Recycle, reduce and reuse. Using things destined for the recycle bin in craft projects is not limited to children's egg carton and paper tube crafts. There are plenty of adult ways to turn trash into treasure. Recycled crafts serve a dual purpose; they keep items from entering the landfill by giving them a second life and they are economical because new supplies don't need to be purchased.
Plastic Bag Fabric
While many stores encourage shoppers to use reusable grocery sacks, most homes still have an overabundance of plastic shopping bags. Some of these bags are attractive, especially those scored around holidays. Plastic bags can be fused together to make a sturdy fabric-like material that can be used in nearly any sewing project. Reusable grocery bags and even clothing items can be fashioned.
The handles and bottom seam of the plastic bag are cut off and the bag is turned inside out so any printing on it doesn't come in contact with the hot iron, which will cause it to bleed. The bags are layered 6 to 8 inches deep. Large pieces of fabric can be made by overlapping the edges of two stacks by 2 or 3 inches. The layers of bags are slid between two sheets of parchment paper and then ironed on high for 15 seconds on the entire surface of the bag. The stack is flipped over and ironed again. Remove the parchment paper and the fabric is ready to use.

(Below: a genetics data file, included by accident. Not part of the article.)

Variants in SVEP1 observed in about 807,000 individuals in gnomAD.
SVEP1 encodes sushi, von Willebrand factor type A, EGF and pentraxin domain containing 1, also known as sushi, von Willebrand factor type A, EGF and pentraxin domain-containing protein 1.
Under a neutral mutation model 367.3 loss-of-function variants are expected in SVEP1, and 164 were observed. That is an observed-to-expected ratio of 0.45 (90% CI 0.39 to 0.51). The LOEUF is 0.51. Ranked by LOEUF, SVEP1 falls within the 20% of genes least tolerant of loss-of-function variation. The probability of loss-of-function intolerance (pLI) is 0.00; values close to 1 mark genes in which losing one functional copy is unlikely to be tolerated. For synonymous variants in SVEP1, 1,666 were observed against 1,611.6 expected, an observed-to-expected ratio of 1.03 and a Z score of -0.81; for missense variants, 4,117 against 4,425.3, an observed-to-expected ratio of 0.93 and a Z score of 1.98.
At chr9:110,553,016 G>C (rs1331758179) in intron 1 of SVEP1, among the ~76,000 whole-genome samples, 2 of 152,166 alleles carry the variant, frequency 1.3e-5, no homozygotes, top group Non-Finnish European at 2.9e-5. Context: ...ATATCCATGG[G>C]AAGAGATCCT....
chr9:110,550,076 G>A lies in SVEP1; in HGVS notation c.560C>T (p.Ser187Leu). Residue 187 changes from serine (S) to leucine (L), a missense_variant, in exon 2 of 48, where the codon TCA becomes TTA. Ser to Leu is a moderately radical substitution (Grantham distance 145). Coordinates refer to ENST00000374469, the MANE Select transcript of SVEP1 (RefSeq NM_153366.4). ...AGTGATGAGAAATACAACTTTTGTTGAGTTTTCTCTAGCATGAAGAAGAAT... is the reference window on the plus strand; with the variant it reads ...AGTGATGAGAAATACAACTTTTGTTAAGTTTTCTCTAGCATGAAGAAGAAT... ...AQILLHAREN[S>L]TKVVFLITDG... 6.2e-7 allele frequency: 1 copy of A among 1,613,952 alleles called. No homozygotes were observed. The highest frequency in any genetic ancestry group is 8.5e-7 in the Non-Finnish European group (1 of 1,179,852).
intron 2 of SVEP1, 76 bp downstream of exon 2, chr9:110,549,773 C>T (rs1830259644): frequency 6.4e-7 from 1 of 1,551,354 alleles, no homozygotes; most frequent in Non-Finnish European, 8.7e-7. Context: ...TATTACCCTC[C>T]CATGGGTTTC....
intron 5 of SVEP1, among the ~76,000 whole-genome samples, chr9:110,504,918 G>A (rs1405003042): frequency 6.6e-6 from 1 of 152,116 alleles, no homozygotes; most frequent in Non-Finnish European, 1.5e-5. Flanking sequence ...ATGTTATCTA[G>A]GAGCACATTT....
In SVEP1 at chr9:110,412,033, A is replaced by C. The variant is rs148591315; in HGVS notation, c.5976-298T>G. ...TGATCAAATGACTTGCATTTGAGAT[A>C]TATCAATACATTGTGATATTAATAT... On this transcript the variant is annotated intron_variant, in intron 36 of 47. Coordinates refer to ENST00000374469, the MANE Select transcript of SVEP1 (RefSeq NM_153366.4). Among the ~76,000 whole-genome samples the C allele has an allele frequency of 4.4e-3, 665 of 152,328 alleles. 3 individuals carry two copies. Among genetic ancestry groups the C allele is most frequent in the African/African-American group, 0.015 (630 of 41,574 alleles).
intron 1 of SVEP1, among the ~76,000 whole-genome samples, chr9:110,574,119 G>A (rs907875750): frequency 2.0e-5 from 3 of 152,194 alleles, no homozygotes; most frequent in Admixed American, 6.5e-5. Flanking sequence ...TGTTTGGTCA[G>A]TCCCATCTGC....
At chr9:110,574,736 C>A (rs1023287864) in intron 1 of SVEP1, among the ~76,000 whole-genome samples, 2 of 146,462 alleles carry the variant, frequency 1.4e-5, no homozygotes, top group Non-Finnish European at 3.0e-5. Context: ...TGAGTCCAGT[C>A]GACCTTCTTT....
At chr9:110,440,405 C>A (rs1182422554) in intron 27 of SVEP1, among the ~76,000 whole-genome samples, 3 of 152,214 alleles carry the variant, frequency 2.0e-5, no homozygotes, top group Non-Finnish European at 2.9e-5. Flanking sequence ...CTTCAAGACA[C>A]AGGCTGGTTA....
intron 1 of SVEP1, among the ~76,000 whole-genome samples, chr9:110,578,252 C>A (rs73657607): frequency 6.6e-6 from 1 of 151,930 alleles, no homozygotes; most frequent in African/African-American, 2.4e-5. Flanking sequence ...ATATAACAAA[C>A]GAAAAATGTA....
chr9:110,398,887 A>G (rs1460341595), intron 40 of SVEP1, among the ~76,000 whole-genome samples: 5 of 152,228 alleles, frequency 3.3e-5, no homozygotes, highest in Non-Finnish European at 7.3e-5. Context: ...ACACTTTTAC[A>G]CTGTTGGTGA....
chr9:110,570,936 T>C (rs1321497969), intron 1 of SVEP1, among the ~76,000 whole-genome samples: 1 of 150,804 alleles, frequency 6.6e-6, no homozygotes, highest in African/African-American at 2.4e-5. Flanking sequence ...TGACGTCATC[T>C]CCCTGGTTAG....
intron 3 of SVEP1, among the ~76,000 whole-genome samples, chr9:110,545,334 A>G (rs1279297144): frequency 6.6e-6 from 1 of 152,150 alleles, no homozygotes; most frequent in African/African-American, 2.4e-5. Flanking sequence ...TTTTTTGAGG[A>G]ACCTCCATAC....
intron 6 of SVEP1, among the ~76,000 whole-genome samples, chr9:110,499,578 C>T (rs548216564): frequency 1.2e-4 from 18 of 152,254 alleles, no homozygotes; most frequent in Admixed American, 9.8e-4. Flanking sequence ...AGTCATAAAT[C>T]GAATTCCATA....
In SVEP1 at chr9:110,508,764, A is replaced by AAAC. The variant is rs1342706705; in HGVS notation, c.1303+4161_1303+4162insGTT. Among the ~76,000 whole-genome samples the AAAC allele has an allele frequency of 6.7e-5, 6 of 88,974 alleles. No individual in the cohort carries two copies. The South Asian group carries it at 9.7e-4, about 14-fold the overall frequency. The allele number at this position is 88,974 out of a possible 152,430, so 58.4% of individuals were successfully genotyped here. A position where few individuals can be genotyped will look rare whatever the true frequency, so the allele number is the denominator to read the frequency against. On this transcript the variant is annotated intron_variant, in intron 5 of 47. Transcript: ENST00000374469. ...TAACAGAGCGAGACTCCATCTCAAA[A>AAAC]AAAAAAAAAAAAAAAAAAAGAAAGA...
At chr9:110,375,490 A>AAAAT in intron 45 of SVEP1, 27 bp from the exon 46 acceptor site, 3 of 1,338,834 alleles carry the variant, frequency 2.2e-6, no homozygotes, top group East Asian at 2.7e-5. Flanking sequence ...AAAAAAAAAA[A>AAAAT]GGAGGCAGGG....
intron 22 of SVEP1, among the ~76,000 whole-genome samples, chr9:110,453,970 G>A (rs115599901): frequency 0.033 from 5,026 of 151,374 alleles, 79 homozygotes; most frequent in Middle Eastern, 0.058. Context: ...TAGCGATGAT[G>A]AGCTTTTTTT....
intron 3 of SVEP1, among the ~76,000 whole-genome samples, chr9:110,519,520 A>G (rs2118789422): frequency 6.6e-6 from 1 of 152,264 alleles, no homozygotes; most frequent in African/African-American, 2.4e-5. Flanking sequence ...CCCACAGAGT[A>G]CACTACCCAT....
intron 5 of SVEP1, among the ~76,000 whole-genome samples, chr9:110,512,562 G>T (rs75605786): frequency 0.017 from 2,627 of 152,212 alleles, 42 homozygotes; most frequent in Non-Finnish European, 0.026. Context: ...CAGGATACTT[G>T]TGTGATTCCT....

Beaded jewellery is always in fashion, and every bead lover knows how easy it is to overspend on new supplies. Recycled paper can be used to make nearly any style of bead. The finished pieces look like wooden or clay beads and can be painted in high-gloss paints to give them a nearly glasslike appearance.
Beads are made from any sort of light to medium weight paper, such as old magazines, newspapers or junk mail. The first method consists of cutting 3-by-1 inch strips. The width can be altered to make different sized beads and the strips can be cut into long triangles or other shapes to alter the finished design. They are rolled around a nail and sealed with glue. Once slipped from the nail they can be painted or varnished before using.
The second style uses paper pulp. Paper is torn into small pieces, less than 1-inch square. It is soaked in just enough warm water to cover for a few hours, then blended in a blender on high until it is a thick pulp. The beads are then formed the same way clay beads are and holes are poked through them with a thick needle or nail. After they dry hard they can be painted and sealed.
Old clothes that are too stained or torn to be donated can be turned into beautiful artisan quilts. Baby and childhood clothing usually has a few good squares in it that can be cut out and saved. Quilts made from clothing like this often work better than photographs to bring back memories of the past.
Old comforters and pillows can be opened up and the batting removed to stuff the quilts. An old mismatched flat sheet can be used as the back of the quilt. The trick to making an attractive quilt from scraps is to choose a simple design with one strong neutral colour, such as black or brown, or even a denim fabric. The other squares can be from a variety of colours that are different, but do not clash. Another way is to choose recycled fabric that are shades of the same colour, but have contrasting patterns.
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